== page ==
Following our denial of the State's motion for reconsideration of Swindell, Gore appealed his firearm conviction, arguing that under Swindell the Court of Appeals was required to reverse his conviction. The State responded that Swindell was inconsistent with Lewis, and urged the Court of Appeals to follow Lewis. The court agreed with the State and affirmed Gore's conviction. State v. Gore, 35 Wn. App. 62, 665 P.2d 428 (1983). We granted review.I
The starting point in our analysis is Burgett v. Texas, 389 U.S. 109, 19 L. Ed. 2d 319, 88 S. Ct. 258 (1967). In Burgett the defendant was charged with assault. The prosecution attempted to bring the defendant within the Texas *484 recidivist statute by introducing four prior uncounseled convictions, which were void under Gideon v. Wainwright, 372 U.S. 335, 9 L. Ed. 2d 799, 83 S. Ct. 792, 93 A.L.R.2d 733 (1963). The Supreme Court held that introduction of these void convictions was "inherently prejudicial" and could not be used to "support guilt or enhance punishment for another offense ...". Burgett, at 115. The Court further stated that when uncounseled convictions are used in a subsequent prosecution "the accused in effect suffers anew" the original constitutional violation. Burgett, at 115. The Court has since applied the Burgett reasoning in other contexts, holding that an uncounseled felony conviction may not be used to enhance sentencing or to impeach the defendant's credibility. United States v. Tucker, 404 U.S. 443, 30 L. Ed. 2d 592, 92 S. Ct. 589 (1972); Loper v. Beto, 405 U.S. 473, 31 L. Ed. 2d 374, 92 S. Ct. 1014 (1972).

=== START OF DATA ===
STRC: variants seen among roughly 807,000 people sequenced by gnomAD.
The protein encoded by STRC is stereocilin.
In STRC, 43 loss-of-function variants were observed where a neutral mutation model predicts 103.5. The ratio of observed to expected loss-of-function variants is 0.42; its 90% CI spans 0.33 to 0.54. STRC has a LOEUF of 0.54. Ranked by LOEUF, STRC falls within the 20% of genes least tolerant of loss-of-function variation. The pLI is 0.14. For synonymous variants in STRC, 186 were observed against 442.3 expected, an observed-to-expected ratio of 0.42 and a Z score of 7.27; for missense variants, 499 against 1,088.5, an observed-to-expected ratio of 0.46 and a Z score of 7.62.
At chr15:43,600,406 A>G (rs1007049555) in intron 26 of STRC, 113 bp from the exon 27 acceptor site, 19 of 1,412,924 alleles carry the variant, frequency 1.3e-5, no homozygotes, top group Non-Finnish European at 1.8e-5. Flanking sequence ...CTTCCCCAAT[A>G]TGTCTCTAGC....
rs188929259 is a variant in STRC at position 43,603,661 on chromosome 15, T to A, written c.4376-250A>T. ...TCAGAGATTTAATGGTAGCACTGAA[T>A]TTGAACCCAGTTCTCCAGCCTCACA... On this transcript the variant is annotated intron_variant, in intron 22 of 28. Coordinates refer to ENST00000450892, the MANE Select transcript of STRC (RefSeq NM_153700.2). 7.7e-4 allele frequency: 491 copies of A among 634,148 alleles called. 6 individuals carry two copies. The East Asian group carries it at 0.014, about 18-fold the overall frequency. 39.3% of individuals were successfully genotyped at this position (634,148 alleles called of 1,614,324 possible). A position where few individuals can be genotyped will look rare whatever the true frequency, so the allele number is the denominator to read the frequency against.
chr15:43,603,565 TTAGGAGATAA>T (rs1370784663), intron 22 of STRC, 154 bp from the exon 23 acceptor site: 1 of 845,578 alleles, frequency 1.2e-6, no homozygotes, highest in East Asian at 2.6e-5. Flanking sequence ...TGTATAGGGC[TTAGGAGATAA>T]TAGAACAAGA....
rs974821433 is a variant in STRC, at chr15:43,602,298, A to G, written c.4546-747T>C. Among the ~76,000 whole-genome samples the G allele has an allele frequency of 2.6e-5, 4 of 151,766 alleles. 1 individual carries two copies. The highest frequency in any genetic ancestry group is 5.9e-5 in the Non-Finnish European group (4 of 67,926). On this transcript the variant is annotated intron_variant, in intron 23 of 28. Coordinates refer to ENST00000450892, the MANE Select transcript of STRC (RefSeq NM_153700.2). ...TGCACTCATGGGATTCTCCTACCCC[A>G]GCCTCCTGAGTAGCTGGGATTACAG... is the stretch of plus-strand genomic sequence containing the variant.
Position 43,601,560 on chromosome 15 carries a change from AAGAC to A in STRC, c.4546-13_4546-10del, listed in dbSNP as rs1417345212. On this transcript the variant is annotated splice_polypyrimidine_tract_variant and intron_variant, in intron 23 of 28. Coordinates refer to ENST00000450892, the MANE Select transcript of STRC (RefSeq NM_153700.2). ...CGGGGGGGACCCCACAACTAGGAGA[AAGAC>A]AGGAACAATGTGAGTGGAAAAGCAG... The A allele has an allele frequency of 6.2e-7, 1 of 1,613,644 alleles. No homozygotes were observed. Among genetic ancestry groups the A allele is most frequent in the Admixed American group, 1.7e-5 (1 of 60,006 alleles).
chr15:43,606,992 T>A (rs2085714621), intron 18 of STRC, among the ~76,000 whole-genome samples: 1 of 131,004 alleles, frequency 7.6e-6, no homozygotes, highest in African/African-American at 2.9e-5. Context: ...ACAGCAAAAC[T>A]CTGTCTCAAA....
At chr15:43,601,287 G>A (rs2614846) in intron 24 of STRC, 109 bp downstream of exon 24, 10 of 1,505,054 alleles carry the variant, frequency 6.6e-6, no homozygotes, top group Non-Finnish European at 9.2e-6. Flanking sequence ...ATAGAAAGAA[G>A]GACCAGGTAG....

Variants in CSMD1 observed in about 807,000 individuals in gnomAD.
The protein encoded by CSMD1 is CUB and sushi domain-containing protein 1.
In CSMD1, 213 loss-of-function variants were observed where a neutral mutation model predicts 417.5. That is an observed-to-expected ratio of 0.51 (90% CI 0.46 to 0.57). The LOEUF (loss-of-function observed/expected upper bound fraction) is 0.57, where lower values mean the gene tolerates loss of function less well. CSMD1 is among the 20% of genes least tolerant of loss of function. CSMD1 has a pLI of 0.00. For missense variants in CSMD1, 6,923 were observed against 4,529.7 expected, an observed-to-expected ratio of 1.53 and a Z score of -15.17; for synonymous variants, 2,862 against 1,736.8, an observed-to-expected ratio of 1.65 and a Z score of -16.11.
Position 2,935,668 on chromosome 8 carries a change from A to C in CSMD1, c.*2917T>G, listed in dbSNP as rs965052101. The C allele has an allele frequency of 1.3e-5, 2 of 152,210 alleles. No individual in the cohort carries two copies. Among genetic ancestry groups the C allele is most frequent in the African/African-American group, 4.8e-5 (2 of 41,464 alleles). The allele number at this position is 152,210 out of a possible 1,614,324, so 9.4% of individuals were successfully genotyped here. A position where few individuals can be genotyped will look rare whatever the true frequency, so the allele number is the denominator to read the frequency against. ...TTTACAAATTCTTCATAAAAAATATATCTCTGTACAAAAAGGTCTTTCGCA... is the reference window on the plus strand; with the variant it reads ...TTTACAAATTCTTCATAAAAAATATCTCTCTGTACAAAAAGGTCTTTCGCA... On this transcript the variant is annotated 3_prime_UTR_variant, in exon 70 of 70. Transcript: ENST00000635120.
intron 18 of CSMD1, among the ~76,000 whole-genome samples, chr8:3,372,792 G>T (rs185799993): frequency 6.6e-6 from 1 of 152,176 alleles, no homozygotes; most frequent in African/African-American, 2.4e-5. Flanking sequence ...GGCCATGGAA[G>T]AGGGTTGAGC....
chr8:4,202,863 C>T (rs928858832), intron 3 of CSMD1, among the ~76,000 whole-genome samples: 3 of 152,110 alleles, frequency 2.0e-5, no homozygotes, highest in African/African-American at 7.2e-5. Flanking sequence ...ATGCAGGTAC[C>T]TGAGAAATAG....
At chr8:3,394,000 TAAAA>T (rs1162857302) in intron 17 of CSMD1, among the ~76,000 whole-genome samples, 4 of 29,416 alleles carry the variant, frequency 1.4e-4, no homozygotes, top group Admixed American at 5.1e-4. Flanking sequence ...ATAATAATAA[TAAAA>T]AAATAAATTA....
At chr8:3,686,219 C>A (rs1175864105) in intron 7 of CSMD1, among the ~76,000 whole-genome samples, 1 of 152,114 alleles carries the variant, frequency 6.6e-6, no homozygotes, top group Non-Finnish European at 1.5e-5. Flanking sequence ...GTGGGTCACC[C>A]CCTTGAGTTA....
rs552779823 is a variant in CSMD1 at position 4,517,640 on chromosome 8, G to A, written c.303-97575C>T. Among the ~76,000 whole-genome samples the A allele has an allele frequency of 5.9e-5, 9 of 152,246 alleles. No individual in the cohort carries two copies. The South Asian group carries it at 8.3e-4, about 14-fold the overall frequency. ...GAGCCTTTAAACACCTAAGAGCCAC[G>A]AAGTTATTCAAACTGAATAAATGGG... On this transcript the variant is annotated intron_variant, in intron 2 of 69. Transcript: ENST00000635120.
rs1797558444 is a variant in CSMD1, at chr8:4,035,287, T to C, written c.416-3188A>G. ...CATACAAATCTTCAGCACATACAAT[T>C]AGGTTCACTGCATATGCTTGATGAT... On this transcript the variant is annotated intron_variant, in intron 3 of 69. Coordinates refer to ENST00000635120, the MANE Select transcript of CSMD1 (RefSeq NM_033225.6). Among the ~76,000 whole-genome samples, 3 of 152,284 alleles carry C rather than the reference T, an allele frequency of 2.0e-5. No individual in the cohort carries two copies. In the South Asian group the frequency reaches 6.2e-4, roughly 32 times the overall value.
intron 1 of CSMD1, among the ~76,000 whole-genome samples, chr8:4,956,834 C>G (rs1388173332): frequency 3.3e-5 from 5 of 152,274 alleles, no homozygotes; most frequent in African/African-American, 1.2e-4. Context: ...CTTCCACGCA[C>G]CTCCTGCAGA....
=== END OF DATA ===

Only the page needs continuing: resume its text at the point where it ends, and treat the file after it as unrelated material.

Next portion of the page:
This court relied on Burgett by analogy in State v. Holsworth, 93 Wn.2d 148, 607 P.2d 845 (1980). In Holsworth several defendants in habitual criminal prosecutions alleged that their prior convictions, upon which the State relied to prove the defendants' habitual criminal status, were based on guilty pleas which were invalid under Boykin v. Alabama, 395 U.S. 238, 23 L. Ed. 2d 274, 89 S. Ct. 1709 (1969). We held that when the defendant challenges the use of such a conviction, the State must prove beyond a reasonable doubt that the guilty plea was made knowingly and voluntarily. We reasoned that a conviction based on an invalid guilty plea was a "defect of constitutional magnitude" and that use of such a conviction in a subsequent prosecution "renewed" the constitutional violation. Holsworth, at 157.